Ice sheet modeling

Estimating current and future ice sheet contributions to sea level rise is a very active area of research, and despite recent advances in ice sheet modeling, key controlling aspects of ice dynamics, such as basal friction or ice hardness, are still poorly understood and poorly constrained. Ice sheet models will not be reliable unless we better understand these physical processes and include them in numerical models.

Data assimilation techniques such as inverse methods, that combine ice sheet modeling and surface observations, provide the tools to tackle these questions. We have used inverse methods to investigate the patterns of basal friction under grounded ice using surface velocities dISSMlogoerived from Satellite interferometry (Morlighem et al. 2011). More recently, we have applied these techniques at the scale of Antarctica (Morlighem et al. 2013) and we discovered that basal sliding is widespread beneath the Antarctic Ice Sheet. This suggests that coastal perturbations may be transmitted further inland than expected.


Our group has co-founded the Ice Sheet System Model in partnership between UC Irvine and the NASA Jet Propulsion Laboratory. ISSM is a large scale, high-resolution, massively parallelized finite element model dedicated to ice sheet modeling and is our primary tool to address the science questions we are interested in.

International Thwaites Glacier Collaboration

The largest Earth science funding agencies in the United Kingdom and the United States are collaborating to investigate one of the most unstable glaciers in Antarctica: Thwaites Glacier. The International Thwaites Glacier Collaboration is the largest joint UK-US project undertaken on the southern continent in 70 years.

Thwaites Glacier, in West Antarctica, has been accelerating and widening over the past three decades. How fast Thwaites will disintegrate or how quickly it will find a new stable state have become some of the most important questions of the future of the West Antarctic Ice Sheet and its contribution to sea level rise over the next century and beyond.  Our group is leading the project “PROcesses, drivers, Prediction: modeling the History and Evolution of Thwaites” (PROPHET)! We will work with Hilmar Gudmundsson (Univ. Northumbria), Daniel Goldberg (Univ. Edinburgh), Brent Minchew (MIT), Indrani Das (Lamont). We will rely on three independent numerical models of ice flow, coupled to an ocean circulation model to (1) improve our understanding of the interactions between the ice and the bedrock, (2) analyze how sensitive the glacier is to external changes, such as changes in ocean-induced melt under its floating extension or calving front position, (3) assess the processes that may lead to a collapse of Thwaites, and, most importantly, (4) forecast future ice loss of Thwaites. By providing predictions based on a suite of coupled ice-ocean models, PROPHET will also assess the uncertainty in model projections.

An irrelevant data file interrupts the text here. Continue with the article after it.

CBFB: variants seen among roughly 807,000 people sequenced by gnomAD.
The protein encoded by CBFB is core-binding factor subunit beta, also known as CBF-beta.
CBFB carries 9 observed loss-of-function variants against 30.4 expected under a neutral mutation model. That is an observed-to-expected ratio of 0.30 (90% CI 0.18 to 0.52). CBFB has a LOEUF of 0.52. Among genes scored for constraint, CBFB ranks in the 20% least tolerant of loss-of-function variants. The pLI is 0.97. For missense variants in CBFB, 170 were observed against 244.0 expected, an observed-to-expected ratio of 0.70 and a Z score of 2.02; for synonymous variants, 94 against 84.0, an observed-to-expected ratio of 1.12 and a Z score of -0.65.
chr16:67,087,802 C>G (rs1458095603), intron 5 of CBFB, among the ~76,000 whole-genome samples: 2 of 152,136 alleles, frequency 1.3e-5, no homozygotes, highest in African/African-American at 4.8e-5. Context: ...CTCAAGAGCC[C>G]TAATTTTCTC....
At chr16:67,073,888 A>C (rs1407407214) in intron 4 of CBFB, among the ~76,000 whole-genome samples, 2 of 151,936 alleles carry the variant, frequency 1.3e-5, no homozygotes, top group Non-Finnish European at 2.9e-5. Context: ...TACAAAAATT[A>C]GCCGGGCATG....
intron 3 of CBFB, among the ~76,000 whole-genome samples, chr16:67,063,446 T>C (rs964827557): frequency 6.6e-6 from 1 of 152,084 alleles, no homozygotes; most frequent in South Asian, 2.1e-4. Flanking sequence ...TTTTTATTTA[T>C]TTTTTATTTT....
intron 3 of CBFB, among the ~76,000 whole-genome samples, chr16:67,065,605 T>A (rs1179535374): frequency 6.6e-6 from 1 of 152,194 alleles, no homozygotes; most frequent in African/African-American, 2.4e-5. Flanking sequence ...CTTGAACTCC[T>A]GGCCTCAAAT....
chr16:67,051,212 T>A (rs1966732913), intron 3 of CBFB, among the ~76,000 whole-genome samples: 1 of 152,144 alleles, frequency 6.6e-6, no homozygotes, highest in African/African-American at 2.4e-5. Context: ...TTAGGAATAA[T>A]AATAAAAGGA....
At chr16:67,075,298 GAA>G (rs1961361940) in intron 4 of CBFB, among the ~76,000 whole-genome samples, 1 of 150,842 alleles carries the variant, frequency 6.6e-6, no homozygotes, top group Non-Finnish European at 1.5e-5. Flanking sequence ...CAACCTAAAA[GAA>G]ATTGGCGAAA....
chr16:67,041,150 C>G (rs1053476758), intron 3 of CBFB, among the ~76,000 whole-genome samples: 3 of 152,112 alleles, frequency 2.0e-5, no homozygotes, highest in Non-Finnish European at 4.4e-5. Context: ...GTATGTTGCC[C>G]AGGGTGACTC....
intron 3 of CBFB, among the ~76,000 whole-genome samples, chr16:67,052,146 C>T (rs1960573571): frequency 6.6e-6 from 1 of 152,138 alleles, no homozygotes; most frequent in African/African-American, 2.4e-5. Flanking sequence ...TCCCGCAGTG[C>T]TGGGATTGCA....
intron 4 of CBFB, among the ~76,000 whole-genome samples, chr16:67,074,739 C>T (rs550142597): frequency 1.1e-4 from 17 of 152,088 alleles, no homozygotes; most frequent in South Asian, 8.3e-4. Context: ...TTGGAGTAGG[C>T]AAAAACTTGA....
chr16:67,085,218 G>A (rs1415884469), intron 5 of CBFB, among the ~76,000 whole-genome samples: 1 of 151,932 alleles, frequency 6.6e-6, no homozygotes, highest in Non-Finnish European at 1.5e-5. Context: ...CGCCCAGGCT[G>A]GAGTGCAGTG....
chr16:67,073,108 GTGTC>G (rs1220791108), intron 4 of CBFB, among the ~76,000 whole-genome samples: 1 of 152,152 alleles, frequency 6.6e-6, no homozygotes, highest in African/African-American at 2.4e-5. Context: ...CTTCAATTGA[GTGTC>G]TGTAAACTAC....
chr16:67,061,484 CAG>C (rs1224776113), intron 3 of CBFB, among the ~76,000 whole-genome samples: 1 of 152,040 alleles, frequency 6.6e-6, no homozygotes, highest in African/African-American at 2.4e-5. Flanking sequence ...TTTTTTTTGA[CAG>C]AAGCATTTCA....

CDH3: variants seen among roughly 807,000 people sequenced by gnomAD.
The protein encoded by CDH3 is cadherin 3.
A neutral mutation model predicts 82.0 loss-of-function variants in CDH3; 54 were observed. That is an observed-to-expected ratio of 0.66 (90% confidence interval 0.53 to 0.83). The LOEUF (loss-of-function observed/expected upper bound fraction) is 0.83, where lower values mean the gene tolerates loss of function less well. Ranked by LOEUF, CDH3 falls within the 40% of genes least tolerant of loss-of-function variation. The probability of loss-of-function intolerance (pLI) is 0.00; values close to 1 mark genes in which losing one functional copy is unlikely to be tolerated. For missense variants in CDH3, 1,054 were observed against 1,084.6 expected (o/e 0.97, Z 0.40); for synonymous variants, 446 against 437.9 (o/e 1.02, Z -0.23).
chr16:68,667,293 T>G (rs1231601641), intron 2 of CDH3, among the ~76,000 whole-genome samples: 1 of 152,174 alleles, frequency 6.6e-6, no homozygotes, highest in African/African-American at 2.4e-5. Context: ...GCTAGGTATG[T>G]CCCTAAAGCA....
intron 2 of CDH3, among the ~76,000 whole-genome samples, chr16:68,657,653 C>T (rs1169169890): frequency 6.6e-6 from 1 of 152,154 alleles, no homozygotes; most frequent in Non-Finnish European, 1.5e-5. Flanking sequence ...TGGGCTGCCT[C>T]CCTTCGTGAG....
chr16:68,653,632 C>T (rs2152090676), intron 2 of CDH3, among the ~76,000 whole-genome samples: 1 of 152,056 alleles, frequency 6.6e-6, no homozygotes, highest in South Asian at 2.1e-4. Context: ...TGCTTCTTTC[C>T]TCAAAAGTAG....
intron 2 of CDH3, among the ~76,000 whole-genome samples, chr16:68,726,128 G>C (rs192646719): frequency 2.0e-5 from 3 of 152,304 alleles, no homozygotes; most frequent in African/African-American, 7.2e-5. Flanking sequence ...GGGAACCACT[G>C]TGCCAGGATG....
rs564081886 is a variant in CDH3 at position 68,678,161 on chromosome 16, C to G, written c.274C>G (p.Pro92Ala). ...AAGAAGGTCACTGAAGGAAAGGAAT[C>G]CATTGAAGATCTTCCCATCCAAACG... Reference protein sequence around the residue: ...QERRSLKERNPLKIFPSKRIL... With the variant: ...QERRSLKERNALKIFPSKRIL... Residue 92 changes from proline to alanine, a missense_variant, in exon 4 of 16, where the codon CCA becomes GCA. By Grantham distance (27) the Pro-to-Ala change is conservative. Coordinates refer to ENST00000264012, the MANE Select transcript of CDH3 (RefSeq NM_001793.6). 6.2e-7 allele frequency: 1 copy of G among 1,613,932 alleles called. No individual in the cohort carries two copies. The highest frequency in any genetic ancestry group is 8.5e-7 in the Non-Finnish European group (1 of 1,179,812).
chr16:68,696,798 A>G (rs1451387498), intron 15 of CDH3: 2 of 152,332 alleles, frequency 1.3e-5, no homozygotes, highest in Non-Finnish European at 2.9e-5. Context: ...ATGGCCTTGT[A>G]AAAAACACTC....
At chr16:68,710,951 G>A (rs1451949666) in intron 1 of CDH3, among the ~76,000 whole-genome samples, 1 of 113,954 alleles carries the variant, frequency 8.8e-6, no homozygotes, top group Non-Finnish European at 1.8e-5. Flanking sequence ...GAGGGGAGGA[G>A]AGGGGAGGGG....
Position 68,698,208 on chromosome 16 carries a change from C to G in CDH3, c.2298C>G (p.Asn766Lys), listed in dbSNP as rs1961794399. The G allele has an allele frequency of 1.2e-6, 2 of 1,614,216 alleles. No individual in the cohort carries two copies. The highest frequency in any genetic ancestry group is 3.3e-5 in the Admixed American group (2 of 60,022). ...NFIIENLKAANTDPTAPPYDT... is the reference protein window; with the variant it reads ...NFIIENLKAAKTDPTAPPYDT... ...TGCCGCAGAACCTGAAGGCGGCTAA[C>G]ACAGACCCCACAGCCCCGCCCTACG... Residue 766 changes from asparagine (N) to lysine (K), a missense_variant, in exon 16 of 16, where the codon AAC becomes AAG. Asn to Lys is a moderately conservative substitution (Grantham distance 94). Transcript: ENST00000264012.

Calving Dynamics

Warmer ocean waters trigger ice-front retreats of marine-terminating glaciers, and the corresponding loss in resistive stress leads to glacier acceleration and thinning. We have implemented a level-set based method to track moving boundaries within our ice sheet model. More work is needed to find a universal calving law, the holy grail of ice sheet modelers…

Bed topography inferred from mass conservation

We have devised a new method to infer the bed topography beneath the ice sheets at high resolution (150 m) based on the conservation of mass and optimization. The traditional method for interpolating ice thickness data from airborne radar sounding surveys onto regular grids is to employ geostatistical techniques such as kriging. While this approach provides continuous and seamless maps of ice thickness, it generates products that are not consistent with ice flow dynamics and are impractical for high-resolution ice flow simulations. Recently, we mapped the entire coast of Greenland (Morlighem et al. 2014) and showed that glaciers flow down well-defined, deep topographic channels with deep narrow depressions within mountain block landscapes, suggesting that the ice sheet will be vulnerable to more rapid retreat in the coming century than previously thought.

We released in September 2017 an updated bed topography map of Greenland: BedMachine v3